Що таке "лібертаріанство"

Stephan Kinsella, “What Libertarianism Is”, public translation into Ukrainian from English More about this translation.

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[13] On the importance of the concept of scarcity and the possibility of conflict for the emergence of property rules, see Hoppe, A Theory of Socialism and Capitalism, p. 134; and the discussion thereof in Stephan Kinsella, "Thoughts on the Latecomer and Homesteading Ideas; or, Why the Very Idea of 'Ownership' Implies that only Libertarian Principles are Justifiable," Mises Economics Blog (Aug. 15, 2007).

[14] "Grundnorm" was legal philosopher Hans Kelsen's term for the hypothetical basic norm or rule that serves as the basis or ultimate source for the legitimacy of a legal system. See Hans Kelsen, General Theory of Law and State, trans. Anders Wedberg (Cambridge, Mass.: Harvard University Press, 1949). I employ this term to refer to the fundamental norms presupposed by civilized people, e.g., in argumentative discourse, which in turn imply libertarian norms.

That the libertarian grundnorms are, in fact, necessarily presupposed by all civilized people to the extent they are civilized — during argumentative justification, that is — is shown by Hoppe in his argumentation-ethics defense of libertarian rights. On this, see Hoppe, A Theory of Socialism and Capitalism, chapter 7; Stephan Kinsella, "New Rationalist Directions in Libertarian Rights Theory,"Download PDF Journal of Libertarian Studies 12, no. 2 (Fall 1996): 313–26; idem, "Defending Argumentation Ethics," Anti-state.com (Sept. 19, 2002).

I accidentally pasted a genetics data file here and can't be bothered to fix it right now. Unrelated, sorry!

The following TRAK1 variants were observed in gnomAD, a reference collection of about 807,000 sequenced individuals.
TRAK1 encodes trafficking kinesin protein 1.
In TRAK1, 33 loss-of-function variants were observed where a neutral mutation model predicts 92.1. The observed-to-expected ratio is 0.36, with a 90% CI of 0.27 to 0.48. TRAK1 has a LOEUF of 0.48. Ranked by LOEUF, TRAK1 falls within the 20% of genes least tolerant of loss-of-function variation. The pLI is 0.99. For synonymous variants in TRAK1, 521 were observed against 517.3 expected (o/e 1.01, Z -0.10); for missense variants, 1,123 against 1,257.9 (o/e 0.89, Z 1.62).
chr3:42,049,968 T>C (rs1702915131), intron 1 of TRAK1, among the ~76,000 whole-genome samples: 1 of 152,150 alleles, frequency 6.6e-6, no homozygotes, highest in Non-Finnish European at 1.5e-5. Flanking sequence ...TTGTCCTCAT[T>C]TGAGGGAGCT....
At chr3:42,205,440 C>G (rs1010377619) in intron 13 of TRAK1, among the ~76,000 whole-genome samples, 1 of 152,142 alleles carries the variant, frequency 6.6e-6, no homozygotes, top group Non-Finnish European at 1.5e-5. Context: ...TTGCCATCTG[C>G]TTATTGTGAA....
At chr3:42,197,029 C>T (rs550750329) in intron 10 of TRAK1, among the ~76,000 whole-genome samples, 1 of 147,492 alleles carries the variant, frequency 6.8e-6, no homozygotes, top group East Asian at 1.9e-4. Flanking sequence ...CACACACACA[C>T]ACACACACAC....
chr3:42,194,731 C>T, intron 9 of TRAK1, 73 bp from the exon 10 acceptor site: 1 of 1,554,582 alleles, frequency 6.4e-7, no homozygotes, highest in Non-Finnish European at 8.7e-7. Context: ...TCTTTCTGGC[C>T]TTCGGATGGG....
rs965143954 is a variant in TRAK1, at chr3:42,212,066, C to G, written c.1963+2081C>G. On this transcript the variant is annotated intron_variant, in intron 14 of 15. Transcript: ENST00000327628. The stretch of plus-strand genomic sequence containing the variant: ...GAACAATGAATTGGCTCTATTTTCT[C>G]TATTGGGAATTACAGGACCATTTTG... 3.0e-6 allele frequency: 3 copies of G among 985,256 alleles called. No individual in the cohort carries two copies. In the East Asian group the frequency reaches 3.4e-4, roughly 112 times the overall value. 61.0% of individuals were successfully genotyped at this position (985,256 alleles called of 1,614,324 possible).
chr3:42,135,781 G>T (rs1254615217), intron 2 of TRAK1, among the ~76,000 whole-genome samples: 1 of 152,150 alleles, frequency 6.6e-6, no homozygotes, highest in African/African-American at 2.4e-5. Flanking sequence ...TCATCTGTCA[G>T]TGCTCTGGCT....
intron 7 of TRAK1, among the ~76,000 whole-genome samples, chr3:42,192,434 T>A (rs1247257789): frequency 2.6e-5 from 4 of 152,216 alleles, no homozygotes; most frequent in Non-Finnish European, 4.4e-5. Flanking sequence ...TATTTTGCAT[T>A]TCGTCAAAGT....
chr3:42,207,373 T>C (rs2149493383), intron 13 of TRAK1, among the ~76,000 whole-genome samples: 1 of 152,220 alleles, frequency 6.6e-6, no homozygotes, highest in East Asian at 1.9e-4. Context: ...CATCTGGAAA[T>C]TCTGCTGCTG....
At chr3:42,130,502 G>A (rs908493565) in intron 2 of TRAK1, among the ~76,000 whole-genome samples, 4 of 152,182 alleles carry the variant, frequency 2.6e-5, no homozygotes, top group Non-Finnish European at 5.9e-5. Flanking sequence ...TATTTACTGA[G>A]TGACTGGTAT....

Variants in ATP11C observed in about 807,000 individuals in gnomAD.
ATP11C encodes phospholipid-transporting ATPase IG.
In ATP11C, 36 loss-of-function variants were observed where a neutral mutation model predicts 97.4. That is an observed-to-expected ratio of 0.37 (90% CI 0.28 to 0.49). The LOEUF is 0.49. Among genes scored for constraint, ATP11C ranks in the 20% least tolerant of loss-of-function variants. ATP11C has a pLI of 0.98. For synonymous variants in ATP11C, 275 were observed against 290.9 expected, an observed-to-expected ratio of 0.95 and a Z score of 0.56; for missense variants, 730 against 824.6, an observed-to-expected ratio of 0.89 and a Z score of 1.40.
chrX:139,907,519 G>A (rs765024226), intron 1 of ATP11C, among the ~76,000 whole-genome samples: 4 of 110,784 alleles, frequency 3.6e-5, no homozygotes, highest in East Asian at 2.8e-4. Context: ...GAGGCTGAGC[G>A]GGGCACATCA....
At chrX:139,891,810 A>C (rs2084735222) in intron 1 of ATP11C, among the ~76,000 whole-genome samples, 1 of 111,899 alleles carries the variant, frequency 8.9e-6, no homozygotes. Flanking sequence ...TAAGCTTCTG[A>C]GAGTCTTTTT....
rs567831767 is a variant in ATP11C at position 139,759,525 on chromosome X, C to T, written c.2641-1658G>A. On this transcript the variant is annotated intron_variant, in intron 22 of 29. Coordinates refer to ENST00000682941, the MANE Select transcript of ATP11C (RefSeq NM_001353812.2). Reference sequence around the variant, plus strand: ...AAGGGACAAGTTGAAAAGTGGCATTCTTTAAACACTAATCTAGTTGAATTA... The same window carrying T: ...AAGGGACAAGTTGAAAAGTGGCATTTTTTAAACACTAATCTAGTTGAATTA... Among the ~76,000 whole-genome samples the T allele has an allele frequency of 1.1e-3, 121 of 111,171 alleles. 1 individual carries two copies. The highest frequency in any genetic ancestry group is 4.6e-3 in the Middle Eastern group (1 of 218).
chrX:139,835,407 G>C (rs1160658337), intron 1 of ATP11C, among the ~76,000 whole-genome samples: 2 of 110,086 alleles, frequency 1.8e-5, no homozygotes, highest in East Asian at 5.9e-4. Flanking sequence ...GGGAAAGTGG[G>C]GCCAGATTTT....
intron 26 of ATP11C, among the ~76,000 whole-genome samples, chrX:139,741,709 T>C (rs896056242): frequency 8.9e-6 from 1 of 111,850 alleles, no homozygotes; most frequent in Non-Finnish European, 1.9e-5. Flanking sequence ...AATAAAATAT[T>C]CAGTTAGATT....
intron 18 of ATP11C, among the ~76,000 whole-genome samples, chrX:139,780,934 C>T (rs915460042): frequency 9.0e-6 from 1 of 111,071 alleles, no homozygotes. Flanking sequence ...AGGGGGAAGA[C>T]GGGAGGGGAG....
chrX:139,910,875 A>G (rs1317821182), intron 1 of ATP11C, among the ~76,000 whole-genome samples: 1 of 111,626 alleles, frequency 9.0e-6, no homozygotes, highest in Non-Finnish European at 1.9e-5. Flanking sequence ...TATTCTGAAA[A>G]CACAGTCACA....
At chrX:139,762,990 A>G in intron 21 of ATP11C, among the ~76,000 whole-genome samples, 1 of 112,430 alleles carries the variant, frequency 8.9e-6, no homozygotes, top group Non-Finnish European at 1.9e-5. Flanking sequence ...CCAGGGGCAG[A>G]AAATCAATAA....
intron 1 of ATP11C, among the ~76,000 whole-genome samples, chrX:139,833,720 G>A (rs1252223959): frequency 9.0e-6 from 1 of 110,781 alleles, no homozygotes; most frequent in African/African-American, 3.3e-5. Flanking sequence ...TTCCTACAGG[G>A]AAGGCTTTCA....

For discussion of why people (to one extent or the other) do value these underlying norms, see Stephan Kinsella, "The Division of Labor as the Source of Grundnorms and Rights," Mises Economics Blog (April 24, 2009), and idem, "Empathy and the Source of Rights," Mises Economics Blog (Sept. 6, 2006). See also idem, "Punishment and Proportionality,"Download PDF pp. 51 and 70:

People who are civilized are … concerned about justifying punishment. They want to punish, but they also want to know that such punishment is justified — they want to legitimately be able to punish … Theories of punishment are concerned with justifying punishment, with offering decent men who are reluctant to act immorally a reason why they may punish others. This is useful, of course, for offering moral men guidance and assurance that they may properly deal with those who seek to harm them.

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